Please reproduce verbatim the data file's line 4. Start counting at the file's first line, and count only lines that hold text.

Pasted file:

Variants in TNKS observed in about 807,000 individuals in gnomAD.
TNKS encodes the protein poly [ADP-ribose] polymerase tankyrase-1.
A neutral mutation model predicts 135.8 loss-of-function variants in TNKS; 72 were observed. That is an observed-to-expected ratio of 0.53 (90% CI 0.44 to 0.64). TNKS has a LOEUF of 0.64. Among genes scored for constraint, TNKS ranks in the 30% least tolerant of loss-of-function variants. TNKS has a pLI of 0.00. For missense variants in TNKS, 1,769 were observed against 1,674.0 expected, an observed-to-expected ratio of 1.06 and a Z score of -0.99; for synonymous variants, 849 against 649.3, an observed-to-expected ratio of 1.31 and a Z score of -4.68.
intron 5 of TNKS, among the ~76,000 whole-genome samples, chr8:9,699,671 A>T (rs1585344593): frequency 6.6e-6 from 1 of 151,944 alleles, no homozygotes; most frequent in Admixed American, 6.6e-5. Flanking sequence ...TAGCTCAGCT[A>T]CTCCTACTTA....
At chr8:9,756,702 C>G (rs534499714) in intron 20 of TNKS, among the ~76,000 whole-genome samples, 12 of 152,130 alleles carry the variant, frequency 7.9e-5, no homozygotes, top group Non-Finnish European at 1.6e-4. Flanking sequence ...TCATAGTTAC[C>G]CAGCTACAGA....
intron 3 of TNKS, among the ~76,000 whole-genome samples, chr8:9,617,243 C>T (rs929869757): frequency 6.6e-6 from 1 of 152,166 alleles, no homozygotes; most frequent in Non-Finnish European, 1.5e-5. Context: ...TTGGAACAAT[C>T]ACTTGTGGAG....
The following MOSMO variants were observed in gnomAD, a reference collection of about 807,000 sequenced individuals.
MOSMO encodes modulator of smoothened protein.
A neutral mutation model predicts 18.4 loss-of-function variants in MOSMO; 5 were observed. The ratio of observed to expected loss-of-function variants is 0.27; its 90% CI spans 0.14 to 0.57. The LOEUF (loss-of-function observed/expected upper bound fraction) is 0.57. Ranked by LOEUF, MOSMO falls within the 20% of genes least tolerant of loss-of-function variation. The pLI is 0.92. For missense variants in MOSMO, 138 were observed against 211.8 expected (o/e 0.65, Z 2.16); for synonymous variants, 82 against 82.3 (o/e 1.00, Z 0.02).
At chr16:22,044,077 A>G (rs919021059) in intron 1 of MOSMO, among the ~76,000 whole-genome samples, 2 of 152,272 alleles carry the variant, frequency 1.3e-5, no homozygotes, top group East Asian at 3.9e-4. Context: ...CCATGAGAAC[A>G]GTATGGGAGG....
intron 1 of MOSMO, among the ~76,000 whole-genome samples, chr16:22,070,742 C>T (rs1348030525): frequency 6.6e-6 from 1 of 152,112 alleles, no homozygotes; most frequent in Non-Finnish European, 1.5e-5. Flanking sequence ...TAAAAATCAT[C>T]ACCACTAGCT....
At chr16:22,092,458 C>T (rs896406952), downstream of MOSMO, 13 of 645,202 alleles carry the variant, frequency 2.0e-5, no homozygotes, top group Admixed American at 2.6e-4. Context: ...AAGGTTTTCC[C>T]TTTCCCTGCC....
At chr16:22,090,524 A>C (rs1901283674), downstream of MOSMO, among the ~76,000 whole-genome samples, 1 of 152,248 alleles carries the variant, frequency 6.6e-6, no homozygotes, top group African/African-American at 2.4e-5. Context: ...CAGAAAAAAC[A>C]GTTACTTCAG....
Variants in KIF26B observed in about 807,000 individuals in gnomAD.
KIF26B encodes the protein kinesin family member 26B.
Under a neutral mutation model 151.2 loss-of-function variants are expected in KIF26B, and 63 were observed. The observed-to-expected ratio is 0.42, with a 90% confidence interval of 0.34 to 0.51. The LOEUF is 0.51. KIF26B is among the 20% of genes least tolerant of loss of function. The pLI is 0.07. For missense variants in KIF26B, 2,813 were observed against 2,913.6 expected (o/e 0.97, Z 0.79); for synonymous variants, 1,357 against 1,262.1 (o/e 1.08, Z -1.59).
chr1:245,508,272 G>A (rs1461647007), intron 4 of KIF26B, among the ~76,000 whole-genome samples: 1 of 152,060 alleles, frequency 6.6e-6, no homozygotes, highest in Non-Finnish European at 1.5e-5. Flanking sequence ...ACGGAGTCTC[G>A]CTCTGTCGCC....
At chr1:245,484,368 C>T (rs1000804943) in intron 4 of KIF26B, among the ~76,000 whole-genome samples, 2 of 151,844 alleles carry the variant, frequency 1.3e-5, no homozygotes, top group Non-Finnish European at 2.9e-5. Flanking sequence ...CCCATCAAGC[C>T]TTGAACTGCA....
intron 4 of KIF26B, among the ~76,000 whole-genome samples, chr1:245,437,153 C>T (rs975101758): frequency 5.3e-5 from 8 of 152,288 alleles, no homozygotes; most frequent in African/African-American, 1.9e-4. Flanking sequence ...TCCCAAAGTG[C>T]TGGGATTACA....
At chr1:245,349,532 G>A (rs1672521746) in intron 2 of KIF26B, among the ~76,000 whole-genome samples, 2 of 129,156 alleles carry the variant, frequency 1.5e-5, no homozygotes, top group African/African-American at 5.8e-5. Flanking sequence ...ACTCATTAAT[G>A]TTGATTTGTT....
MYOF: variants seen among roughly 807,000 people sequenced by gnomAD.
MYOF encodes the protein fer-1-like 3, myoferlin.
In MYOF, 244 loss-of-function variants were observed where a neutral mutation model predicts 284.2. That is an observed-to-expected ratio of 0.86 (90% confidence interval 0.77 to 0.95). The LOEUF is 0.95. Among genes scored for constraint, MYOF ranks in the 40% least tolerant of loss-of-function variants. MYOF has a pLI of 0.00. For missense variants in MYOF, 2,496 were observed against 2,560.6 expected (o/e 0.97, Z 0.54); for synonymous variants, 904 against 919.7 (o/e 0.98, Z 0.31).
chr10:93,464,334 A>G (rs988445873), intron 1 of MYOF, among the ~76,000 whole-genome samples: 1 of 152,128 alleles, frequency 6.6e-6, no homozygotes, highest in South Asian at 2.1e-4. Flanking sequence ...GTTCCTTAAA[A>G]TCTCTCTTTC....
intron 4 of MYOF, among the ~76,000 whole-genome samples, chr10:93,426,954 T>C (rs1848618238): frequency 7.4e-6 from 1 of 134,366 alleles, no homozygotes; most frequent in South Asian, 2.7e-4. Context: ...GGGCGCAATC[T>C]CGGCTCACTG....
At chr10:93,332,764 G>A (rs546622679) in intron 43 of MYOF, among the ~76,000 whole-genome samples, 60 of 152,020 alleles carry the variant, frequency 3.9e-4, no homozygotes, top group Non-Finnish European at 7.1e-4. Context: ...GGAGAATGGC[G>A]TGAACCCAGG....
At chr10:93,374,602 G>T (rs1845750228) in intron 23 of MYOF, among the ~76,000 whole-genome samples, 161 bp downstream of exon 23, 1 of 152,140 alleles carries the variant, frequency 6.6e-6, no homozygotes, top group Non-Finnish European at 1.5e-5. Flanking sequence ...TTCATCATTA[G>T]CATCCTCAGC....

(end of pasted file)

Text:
intron 5 of TNKS, among the ~76,000 whole-genome samples, chr8:9,699,671 A>T (rs1585344593): frequency 6.6e-6 from 1 of 151,944 alleles, no homozygotes; most frequent in Admixed American, 6.6e-5. Flanking sequence ...TAGCTCAGCT[A>T]CTCCTACTTA....